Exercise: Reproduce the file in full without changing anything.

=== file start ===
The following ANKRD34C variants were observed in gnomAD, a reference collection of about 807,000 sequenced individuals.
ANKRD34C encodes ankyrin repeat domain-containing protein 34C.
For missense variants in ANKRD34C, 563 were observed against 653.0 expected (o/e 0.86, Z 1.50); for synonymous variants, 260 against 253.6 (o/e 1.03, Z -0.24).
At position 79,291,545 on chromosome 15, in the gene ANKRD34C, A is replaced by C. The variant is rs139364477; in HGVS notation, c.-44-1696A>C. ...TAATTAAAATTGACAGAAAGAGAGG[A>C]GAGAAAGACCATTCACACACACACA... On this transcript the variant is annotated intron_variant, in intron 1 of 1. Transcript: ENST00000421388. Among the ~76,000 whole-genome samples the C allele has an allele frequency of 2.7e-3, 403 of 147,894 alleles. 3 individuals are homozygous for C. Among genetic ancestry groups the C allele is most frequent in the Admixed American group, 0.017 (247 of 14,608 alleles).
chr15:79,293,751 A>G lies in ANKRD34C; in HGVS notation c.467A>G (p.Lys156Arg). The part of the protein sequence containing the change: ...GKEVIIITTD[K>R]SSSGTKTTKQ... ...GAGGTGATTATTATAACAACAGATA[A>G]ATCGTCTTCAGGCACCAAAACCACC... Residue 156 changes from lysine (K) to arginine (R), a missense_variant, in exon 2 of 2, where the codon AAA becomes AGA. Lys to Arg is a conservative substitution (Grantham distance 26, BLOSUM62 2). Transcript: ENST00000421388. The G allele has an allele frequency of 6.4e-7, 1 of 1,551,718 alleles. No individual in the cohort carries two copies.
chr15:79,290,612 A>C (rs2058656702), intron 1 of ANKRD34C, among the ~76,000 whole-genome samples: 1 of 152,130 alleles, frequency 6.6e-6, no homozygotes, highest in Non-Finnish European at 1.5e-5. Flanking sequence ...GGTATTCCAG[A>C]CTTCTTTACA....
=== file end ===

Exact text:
The following ANKRD34C variants were observed in gnomAD, a reference collection of about 807,000 sequenced individuals.
ANKRD34C encodes ankyrin repeat domain-containing protein 34C.
For missense variants in ANKRD34C, 563 were observed against 653.0 expected (o/e 0.86, Z 1.50); for synonymous variants, 260 against 253.6 (o/e 1.03, Z -0.24).
At position 79,291,545 on chromosome 15, in the gene ANKRD34C, A is replaced by C. The variant is rs139364477; in HGVS notation, c.-44-1696A>C. ...TAATTAAAATTGACAGAAAGAGAGG[A>C]GAGAAAGACCATTCACACACACACA... On this transcript the variant is annotated intron_variant, in intron 1 of 1. Transcript: ENST00000421388. Among the ~76,000 whole-genome samples the C allele has an allele frequency of 2.7e-3, 403 of 147,894 alleles. 3 individuals are homozygous for C. Among genetic ancestry groups the C allele is most frequent in the Admixed American group, 0.017 (247 of 14,608 alleles).
chr15:79,293,751 A>G lies in ANKRD34C; in HGVS notation c.467A>G (p.Lys156Arg). The part of the protein sequence containing the change: ...GKEVIIITTD[K>R]SSSGTKTTKQ... ...GAGGTGATTATTATAACAACAGATA[A>G]ATCGTCTTCAGGCACCAAAACCACC... Residue 156 changes from lysine (K) to arginine (R), a missense_variant, in exon 2 of 2, where the codon AAA becomes AGA. Lys to Arg is a conservative substitution (Grantham distance 26, BLOSUM62 2). Transcript: ENST00000421388. The G allele has an allele frequency of 6.4e-7, 1 of 1,551,718 alleles. No individual in the cohort carries two copies.
chr15:79,290,612 A>C (rs2058656702), intron 1 of ANKRD34C, among the ~76,000 whole-genome samples: 1 of 152,130 alleles, frequency 6.6e-6, no homozygotes, highest in Non-Finnish European at 1.5e-5. Flanking sequence ...GGTATTCCAG[A>C]CTTCTTTACA....